There are a number of stories about the old outlaws and gunfighters claiming that they did not die at the time and in the manner that history records. Some insist that Billy the Kid, Jesse James, and John Wilkes Booth—just to name a few—lived out their lives while some other poor soul moldered in their graves. Frankly, most of those claims came from windy old timers who were just trying to make a good story better by coating it with a thick covering of what we will refer to as bovine fecal matter. However, one fellow that it just might be true of was called Robert Leroy Parker; we knew him as Butch Cassidy.
Cassidy was born in Utah, in April of 1866, and went on the outlaw trail while he was still in his teens. In short order, his habit of taking other folk’s horses and cattle into protective custody turned in to bank and train robbery. Butch was one of the leaders of a loose-knit outlaw group that made a science out of hitting banks and trains across the American West.
However, by 1900, Butch knew that his days as a western Robin Hood were limited. Will Carver was dead, his buddy Elzy Lay was in prison, and Butch began thinking about going to South America to enjoy a climate with a bit less lead in it. About 1901, he, Harry Alonzo Longabaugh (The Sundance Kid), and Etta Place, turned up in Argentina and started ranching. All was peaceful until the Pinkertons got on their trail. And, about 1905, Butch and Sundance took up their old life of crime once again.
Supposedly, in 1908, they were gunned down in San Vicente, Bolivia. However, that has never been satisfactorily proven. We do know that two white outlaws were shot down in that town on November 6, 1908. But they were buried without having been identified. Many years later, the rumors started that the dead men were Butch Cassidy and the Sundance Kid. The Pinkertons, of course, encouraged this because it made them look good (Pinkertons were a lot like our present-day FBI in that regard).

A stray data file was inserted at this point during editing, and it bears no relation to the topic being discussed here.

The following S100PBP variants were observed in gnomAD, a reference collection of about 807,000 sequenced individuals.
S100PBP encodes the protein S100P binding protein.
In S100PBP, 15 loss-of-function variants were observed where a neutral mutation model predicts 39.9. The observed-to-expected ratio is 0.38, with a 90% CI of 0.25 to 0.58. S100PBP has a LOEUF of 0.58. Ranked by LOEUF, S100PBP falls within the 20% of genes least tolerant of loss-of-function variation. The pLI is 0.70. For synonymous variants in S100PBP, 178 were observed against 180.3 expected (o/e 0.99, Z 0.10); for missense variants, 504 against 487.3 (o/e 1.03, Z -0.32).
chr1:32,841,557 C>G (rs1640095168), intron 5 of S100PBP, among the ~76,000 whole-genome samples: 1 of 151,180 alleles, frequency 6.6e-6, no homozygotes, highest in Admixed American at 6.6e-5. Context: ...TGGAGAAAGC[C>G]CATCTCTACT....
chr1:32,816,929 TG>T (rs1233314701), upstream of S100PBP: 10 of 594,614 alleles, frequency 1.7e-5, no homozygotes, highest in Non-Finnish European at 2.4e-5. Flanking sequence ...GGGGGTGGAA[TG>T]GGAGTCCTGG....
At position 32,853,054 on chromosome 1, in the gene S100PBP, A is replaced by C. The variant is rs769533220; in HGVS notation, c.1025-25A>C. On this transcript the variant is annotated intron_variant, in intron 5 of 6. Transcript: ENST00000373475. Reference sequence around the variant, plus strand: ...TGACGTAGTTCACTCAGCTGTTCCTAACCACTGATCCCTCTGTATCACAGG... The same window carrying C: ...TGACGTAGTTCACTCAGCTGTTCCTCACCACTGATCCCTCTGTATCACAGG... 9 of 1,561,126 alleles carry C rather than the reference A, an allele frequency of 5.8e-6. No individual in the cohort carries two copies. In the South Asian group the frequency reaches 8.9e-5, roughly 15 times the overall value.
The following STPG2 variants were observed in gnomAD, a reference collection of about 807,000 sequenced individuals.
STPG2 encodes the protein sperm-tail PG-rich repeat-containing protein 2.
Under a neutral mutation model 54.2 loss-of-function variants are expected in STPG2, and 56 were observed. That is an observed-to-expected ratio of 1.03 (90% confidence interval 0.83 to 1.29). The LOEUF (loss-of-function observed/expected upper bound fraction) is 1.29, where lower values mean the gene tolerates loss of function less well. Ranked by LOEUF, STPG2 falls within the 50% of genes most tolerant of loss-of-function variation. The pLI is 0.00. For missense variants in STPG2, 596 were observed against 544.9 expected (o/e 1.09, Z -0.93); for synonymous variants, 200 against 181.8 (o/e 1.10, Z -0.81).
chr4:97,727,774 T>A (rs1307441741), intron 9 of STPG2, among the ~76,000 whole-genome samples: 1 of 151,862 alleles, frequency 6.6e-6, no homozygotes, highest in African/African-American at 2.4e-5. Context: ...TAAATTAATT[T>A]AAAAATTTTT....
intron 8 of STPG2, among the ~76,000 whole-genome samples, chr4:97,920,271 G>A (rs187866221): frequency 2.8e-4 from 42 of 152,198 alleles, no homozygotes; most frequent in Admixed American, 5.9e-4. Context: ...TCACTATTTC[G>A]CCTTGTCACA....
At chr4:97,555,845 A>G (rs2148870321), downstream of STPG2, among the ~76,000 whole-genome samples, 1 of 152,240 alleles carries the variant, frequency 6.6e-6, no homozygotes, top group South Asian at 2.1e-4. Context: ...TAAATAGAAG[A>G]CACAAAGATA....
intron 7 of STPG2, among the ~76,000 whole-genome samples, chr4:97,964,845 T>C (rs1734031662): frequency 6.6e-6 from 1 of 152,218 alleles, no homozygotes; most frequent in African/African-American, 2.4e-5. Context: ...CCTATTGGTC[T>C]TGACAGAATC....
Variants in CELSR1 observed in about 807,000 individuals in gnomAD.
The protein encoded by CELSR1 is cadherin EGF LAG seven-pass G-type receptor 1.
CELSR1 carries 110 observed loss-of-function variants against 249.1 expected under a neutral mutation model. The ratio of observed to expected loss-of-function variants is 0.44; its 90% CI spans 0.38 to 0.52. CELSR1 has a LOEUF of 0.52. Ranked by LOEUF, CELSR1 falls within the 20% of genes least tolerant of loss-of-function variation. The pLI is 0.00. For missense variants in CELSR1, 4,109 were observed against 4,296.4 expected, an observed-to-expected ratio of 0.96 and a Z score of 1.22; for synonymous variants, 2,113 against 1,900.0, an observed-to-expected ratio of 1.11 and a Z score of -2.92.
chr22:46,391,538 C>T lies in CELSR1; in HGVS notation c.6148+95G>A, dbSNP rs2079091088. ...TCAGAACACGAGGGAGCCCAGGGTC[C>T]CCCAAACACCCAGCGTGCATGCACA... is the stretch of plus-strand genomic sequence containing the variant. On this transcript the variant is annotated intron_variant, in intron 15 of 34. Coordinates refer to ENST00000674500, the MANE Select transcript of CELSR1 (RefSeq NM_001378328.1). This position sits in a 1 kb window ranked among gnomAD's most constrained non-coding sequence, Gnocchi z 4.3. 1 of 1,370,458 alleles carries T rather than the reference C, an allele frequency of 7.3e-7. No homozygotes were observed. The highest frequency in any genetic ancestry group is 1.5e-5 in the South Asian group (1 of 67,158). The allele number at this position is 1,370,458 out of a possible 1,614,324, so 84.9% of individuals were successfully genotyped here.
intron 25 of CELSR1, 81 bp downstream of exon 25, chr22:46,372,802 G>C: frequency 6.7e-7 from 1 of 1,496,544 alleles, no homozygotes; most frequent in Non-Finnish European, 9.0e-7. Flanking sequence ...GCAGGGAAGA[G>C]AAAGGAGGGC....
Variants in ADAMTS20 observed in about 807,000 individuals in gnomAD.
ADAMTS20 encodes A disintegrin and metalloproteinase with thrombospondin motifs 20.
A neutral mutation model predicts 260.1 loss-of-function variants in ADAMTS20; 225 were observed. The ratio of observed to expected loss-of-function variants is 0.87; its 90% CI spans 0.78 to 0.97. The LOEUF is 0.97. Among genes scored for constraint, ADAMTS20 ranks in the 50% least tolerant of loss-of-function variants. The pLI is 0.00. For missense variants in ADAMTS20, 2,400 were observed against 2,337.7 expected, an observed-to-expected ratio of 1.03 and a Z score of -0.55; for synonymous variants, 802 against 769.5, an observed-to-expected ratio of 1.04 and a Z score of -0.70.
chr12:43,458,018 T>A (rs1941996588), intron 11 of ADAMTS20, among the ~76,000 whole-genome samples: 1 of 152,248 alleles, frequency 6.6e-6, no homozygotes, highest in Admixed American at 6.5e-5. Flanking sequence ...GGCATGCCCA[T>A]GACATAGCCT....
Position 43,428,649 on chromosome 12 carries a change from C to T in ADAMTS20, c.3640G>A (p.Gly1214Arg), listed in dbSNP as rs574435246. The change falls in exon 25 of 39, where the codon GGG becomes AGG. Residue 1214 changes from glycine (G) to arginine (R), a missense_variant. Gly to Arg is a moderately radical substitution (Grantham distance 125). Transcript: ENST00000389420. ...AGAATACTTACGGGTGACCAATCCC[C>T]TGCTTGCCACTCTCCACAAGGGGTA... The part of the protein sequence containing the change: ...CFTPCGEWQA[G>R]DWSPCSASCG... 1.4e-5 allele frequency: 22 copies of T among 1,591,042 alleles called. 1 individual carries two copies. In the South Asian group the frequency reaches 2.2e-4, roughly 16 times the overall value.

A few years ago, a couple of historians had the bodies exhumed and found indications that the men had been killed by gunfire. They were sure they had finally found Butch & Sundance. But, unfortunately, none of the DNA matched. These may well have been two of the several anglo outlaws that were roaming South America at that time.
Finally, the Parker family (remember, his real name was Parker) has had a long-standing tradition that Butch came back to Utah to see his father and his siblings in 1925. In addition, old timers across the West used to tell about running into Butch many years after his alleged death in Bolivia. Since Butch was a likeable fellow, who probably never killed anyone, he was always popular and well remembered, even by some of the lawmen of the time. Parker family legend says that Butch actually died just prior to 1940. The family made a pact to never reveal where he died or where he is buried.
Of course, we’ll never be sure just what actually happened to Butch. But I’ve always wanted to believe that he was the one that got away. If his story strikes your fancy, you might want to pick up a copy of “Butch Cassidy: My Uncle” by Bill Betenson, published by High Plains Press.